• 1792–1794 Edward Long Fox.[25][26]
  • 1794–1812, 1815–1818 R.W. Fox the Elder.[27]
  • 1818–1854 R.W. Fox the Younger.[27]
  • 1854–1863 [Unknown] The American Civil War(1861–1865)
  • 1863–1874 Alfred Fox, brother of R.W. Fox the Younger.[27]
  • 1874–1905 Howard Fox, son of Alfred Fox[24]

Medicine and SurgeryEdit

Several members of the family were surgeons and physicians, some based in Falmouth. The most distinguished of these seems to have been Edward Long Fox (1762–1835), lunatic asylum proprietor at Brislington and developer of Weston-super-Mare as a sea-bathing resort. He married twice and had 15 daughters and 8 sons.[25][28] He should not be confused with another Edward Long Fox (1832–1902), in whose name an annual public lecture has been endowed, at the University of Bristol.[29] The Oxford Companion to Medicine states there were 21 doctors in the Fox dynasty.[30]


In his journal for 1839 and 1840, Barclay Fox records his enthusiastic support for the Liberal candidate for Penryn & Falmouth, Edward John Hutchins, his approval of the reformed electoral process and his delight at victory.[31] In March 1840, he campaigned for Cornish MPs to support Ewart's bill to abolish the Death Penalty for all offences.[32]

Barclay, his father, R W Fox and his uncle, Alfred Fox were involved in lobbying Ministers and officials in Westminster and Whitehall with other Cornish gentry and merchants for the Post Office Packet Service, the fishing and mining industries and the extension of a railway service west of Plymouth.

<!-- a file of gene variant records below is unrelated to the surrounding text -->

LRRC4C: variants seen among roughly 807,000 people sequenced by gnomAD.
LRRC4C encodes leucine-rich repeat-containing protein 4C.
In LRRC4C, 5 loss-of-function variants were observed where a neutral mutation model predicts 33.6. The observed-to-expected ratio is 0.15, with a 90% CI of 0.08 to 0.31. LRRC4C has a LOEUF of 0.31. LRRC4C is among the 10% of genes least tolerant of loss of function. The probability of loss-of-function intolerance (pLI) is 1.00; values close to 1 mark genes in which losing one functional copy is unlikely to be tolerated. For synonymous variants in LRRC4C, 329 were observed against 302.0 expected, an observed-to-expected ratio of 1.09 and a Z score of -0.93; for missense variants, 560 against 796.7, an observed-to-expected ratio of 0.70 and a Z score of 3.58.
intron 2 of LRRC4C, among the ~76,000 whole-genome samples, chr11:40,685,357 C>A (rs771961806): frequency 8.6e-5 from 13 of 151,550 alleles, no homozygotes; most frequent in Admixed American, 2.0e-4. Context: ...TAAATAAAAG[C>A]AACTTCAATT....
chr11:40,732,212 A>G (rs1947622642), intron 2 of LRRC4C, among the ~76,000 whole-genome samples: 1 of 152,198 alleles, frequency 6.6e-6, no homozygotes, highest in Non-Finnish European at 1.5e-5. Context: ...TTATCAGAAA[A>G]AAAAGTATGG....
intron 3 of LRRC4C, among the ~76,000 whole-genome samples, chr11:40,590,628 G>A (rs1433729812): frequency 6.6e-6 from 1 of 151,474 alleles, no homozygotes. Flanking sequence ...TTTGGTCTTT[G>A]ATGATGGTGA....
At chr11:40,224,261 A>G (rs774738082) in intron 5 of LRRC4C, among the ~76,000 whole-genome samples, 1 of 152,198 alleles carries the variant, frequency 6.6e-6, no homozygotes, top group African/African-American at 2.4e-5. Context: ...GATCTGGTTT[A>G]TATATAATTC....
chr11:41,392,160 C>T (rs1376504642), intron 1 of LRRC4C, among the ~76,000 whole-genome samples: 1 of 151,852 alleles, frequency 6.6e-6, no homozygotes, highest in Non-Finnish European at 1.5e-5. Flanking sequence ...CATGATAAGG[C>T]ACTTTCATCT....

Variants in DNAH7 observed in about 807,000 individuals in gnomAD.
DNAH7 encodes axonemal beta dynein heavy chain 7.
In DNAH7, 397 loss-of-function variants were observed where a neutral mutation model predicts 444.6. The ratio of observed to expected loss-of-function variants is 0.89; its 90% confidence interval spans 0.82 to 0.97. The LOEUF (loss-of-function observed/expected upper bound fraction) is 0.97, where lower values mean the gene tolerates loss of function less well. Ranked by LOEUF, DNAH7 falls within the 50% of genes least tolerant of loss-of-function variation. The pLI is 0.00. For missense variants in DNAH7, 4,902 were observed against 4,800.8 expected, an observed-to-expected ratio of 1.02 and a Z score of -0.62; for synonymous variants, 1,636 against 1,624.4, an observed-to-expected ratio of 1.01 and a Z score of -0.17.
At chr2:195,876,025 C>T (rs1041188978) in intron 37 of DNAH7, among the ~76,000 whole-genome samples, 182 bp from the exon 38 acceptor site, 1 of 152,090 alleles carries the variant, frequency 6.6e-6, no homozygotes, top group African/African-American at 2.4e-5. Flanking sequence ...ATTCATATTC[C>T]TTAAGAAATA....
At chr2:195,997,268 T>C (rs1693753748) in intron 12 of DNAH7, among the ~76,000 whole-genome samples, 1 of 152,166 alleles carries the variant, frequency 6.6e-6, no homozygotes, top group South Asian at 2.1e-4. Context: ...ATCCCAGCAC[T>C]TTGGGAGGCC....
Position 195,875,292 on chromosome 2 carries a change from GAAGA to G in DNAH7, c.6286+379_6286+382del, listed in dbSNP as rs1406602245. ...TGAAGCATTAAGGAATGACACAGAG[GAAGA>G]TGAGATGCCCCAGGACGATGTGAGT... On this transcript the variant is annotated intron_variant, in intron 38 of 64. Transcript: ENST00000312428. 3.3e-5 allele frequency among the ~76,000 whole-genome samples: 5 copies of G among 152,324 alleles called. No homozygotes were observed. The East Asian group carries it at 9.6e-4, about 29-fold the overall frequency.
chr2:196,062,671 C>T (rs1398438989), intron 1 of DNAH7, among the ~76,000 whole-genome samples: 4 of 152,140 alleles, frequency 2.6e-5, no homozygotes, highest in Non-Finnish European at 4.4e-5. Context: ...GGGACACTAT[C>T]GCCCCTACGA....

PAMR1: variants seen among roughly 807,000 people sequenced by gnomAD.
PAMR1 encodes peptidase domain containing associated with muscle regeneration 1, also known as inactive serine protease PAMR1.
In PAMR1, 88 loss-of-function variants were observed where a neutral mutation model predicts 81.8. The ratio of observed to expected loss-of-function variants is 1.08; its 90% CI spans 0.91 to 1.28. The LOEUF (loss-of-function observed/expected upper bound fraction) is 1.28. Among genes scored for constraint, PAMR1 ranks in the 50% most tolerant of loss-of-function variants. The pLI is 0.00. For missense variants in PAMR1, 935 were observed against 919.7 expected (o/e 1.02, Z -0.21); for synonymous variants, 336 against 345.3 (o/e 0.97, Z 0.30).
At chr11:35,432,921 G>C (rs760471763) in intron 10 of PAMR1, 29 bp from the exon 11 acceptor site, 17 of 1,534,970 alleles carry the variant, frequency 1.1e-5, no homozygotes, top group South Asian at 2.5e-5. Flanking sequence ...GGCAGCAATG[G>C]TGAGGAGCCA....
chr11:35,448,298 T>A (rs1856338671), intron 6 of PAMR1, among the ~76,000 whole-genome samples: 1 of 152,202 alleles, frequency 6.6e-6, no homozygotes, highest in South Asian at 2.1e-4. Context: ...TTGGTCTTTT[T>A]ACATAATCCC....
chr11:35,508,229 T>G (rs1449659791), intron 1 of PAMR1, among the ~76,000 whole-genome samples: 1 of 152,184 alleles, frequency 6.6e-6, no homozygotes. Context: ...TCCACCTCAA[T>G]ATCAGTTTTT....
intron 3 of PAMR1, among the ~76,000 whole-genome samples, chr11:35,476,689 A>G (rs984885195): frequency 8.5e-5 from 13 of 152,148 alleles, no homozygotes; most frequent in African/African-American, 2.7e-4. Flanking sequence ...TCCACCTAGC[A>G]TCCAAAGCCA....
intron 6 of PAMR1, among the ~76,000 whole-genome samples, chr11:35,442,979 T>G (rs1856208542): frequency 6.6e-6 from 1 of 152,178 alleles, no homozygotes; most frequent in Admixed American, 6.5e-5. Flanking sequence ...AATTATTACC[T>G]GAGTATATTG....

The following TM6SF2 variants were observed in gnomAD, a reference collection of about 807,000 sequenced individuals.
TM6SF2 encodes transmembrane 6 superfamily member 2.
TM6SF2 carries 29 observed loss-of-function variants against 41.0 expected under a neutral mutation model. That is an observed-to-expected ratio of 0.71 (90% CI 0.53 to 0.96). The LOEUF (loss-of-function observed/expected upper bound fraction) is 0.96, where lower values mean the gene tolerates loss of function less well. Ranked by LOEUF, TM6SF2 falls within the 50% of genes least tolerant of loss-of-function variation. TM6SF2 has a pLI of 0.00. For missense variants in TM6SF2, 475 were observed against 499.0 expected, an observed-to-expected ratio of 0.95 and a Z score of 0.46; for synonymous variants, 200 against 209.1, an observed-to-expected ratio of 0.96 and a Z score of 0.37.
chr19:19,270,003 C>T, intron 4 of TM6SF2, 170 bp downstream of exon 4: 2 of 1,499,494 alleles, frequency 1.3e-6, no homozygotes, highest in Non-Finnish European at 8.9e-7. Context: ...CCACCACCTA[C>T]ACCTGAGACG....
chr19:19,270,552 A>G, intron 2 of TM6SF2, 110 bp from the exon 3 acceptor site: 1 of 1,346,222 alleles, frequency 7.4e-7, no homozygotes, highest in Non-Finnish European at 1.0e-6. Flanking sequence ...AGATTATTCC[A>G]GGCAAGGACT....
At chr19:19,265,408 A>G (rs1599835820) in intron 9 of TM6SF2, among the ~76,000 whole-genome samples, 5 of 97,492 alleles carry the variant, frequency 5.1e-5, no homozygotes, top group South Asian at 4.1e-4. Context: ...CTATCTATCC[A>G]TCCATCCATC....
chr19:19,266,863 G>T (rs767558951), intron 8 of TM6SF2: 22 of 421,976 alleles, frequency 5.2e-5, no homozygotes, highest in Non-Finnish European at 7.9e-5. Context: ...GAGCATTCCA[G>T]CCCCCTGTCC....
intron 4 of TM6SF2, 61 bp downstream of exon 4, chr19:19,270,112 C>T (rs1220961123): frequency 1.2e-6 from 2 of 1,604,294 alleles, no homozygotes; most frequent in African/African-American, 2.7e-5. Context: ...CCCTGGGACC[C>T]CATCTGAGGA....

At the 1868 general election, Charles Fox of Trebah was one of two representatives of Falmouth on the committee to elect the Liberal candidate, Pendarves Vivian to Parliament, representing West Cornwall. Howard Fox was the Treasurer of the Falmouth Liberal Association.[33]

Robert Barclay Fox, Barclay's grandson, was a Conservative County Councillor in Cornwall.


Children and grandchildren of George Fox of ParEdit

George Fox of Par was the son of Francis Fox of St Germans, Cornwall, and his second wife, Tabitha Croker.[34] Francis's father, also Francis, and his mother, Dorothy, were early converts to the revolutionary Quaker faith. George Fox married twice, first, to Mary Bealing and, second, to Anna Debell.[25]

Advertisement for lawnmowers, supplied by Nathaniel Fox, ironmonger, of Church Street, Falmouth. He was a son of Joseph (1729–1784) and Elizabeth Fox

Children of first marriage of George Fox to Mary Bealing

  • Edward Fox (born 1719) of Wadebridge, married Anna Were (1719–1788).[16] They had nine children, including
    • George Fox (11 July 1746 – 22 June 1816) of Perranarworthal near Falmouth, Cornwall, merchant[16]